14-Benzoyltalatisamine is a potent and selective blocker of the delayed rectifier K+ channel found in a computational virtual screening study.
The compound was found to block the K+ channel from the extracellular side. However, it is unclear whether 14-benzoyltalatisamine shares the
same block mechanism with tetraethylammonium (TEA). In order to elucidate how the hit compound found by the virtual screening interacts with
the outer vestibule of the K+ channel, the effects of 14-benzoyltalatisamine and TEA on the delayed rectifier K+ current of rat dissociated
hippocampal neurons were compared using whole-cell voltage-clamp recording. External application of 14-benzoyltalatisamine and TEA
reversibly inhibited the current with IC50 values of 10.12.2 M and 1.050.21 mM, respectively. 14-Benzoyltalatisamine exerted voltagedependent
inhibition, markedly accelerated the decay of the current, and caused a significant hyperpolarizing shift of the steady-state activation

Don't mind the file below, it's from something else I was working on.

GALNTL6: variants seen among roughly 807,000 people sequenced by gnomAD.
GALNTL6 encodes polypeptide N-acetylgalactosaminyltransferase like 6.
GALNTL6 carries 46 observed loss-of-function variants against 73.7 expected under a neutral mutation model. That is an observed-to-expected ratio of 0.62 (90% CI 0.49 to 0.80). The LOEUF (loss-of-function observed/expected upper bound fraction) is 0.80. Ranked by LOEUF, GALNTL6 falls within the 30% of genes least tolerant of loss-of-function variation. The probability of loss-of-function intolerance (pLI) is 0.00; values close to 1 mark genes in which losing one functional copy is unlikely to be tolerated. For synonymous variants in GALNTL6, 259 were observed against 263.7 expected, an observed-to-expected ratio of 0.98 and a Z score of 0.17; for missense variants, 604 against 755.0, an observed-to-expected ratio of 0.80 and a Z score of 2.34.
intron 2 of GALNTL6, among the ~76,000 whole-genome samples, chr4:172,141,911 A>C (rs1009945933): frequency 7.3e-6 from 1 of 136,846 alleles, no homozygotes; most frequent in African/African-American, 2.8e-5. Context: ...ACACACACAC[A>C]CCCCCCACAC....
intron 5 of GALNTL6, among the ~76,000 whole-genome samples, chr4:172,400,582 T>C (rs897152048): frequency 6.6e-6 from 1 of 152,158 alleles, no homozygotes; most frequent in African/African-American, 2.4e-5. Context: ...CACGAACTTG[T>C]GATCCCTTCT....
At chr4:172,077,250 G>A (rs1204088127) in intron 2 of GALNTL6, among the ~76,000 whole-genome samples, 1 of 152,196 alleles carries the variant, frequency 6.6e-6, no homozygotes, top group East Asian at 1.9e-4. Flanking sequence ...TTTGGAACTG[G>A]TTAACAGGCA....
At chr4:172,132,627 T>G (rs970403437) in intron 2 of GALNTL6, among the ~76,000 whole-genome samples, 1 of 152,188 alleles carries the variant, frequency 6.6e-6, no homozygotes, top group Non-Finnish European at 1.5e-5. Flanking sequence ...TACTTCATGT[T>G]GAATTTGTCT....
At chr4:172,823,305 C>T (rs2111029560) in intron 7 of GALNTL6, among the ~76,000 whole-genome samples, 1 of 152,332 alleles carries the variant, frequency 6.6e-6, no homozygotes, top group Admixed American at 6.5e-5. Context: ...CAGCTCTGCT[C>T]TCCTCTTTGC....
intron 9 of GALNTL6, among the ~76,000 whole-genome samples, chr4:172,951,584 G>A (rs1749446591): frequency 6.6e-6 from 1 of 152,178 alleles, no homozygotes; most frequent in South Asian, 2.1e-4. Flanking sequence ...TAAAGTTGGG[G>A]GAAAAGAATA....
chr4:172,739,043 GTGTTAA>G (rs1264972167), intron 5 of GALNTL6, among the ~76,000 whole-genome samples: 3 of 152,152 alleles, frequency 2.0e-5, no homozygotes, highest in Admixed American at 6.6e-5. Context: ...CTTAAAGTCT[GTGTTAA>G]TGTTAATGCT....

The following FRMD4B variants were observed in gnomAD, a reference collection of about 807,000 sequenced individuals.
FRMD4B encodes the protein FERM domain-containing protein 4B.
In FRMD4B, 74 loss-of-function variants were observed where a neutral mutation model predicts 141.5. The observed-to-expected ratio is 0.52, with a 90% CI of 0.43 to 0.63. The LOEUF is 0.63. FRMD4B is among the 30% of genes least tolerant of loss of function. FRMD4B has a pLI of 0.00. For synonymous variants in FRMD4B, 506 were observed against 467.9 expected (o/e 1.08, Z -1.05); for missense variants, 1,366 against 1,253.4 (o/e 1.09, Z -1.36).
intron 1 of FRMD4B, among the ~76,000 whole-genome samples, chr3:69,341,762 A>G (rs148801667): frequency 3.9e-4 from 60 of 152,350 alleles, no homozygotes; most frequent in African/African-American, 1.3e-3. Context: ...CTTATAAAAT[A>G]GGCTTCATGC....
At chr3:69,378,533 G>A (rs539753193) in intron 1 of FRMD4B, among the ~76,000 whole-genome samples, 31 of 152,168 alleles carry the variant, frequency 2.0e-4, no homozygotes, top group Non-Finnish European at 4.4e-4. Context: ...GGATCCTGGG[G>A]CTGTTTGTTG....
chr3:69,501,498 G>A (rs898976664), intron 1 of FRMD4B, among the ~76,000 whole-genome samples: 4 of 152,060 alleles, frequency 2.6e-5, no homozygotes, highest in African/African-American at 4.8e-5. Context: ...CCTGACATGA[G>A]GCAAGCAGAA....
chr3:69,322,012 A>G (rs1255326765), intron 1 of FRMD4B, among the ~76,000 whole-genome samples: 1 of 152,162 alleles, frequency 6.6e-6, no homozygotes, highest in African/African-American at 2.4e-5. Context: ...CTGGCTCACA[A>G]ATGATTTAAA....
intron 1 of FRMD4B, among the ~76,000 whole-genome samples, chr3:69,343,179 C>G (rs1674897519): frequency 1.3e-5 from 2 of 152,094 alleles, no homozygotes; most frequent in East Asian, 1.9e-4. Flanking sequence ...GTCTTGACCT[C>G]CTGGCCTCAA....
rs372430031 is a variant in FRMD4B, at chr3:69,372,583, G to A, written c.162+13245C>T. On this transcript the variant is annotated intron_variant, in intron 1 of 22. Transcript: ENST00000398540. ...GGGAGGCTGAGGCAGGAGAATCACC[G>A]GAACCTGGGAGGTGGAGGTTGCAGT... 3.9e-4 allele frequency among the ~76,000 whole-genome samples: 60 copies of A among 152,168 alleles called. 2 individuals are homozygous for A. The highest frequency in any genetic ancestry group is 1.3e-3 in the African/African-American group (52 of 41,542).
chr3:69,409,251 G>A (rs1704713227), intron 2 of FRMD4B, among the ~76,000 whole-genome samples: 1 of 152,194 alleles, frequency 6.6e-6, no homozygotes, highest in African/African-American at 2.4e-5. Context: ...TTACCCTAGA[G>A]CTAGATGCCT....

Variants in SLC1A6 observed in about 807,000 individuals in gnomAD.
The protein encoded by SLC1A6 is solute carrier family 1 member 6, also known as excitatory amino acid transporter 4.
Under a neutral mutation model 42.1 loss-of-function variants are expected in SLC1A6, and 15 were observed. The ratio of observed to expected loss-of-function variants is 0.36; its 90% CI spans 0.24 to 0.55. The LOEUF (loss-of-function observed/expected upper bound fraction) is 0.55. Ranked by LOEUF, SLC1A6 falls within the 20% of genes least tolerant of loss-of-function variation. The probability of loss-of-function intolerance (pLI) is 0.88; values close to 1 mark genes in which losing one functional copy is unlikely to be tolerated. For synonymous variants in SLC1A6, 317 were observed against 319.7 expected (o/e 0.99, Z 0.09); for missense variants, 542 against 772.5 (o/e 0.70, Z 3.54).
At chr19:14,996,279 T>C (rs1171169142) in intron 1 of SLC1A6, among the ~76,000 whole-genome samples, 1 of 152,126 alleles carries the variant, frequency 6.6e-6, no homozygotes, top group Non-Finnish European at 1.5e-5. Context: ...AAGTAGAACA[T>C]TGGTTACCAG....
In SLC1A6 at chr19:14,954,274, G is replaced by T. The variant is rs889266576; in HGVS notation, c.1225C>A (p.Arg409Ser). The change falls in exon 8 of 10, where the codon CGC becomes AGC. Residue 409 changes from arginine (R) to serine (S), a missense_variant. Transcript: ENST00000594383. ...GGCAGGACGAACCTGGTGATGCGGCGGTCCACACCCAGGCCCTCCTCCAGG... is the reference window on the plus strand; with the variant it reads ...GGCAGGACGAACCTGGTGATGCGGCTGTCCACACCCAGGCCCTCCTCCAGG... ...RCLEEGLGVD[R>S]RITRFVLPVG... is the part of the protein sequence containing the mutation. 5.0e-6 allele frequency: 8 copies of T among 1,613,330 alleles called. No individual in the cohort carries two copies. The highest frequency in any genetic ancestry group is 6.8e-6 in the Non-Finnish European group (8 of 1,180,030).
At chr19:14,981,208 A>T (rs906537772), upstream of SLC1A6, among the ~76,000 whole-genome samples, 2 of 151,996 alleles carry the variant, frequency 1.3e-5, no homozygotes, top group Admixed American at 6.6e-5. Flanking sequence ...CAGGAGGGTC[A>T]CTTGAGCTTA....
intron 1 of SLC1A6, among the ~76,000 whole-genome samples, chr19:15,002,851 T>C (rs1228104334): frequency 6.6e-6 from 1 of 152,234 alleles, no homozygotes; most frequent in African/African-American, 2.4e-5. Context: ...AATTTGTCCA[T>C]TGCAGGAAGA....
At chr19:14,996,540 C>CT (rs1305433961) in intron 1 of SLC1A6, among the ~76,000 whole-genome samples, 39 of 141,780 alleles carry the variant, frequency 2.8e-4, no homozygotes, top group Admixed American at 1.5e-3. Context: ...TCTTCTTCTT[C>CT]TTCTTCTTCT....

curve, whereas TEA caused voltage-independent inhibition, without affecting the kinetic parameters of the current. The blockade by 14-
benzoyltalatisamine, but not by TEA, was significantly diminished in a high K+ (60 mM) external solution. The potency of 14-benzoyltalatisamine
was markedly reduced in the presence of 15 mM TEA. The results suggest that 14-benzoyltalatisamine bind to the external pore entry of the
delayed rectifier K+ channel with partial insertion into the selectivity filter, which is in conformity with that predicted by the molecular docking
model in the virtual screening.
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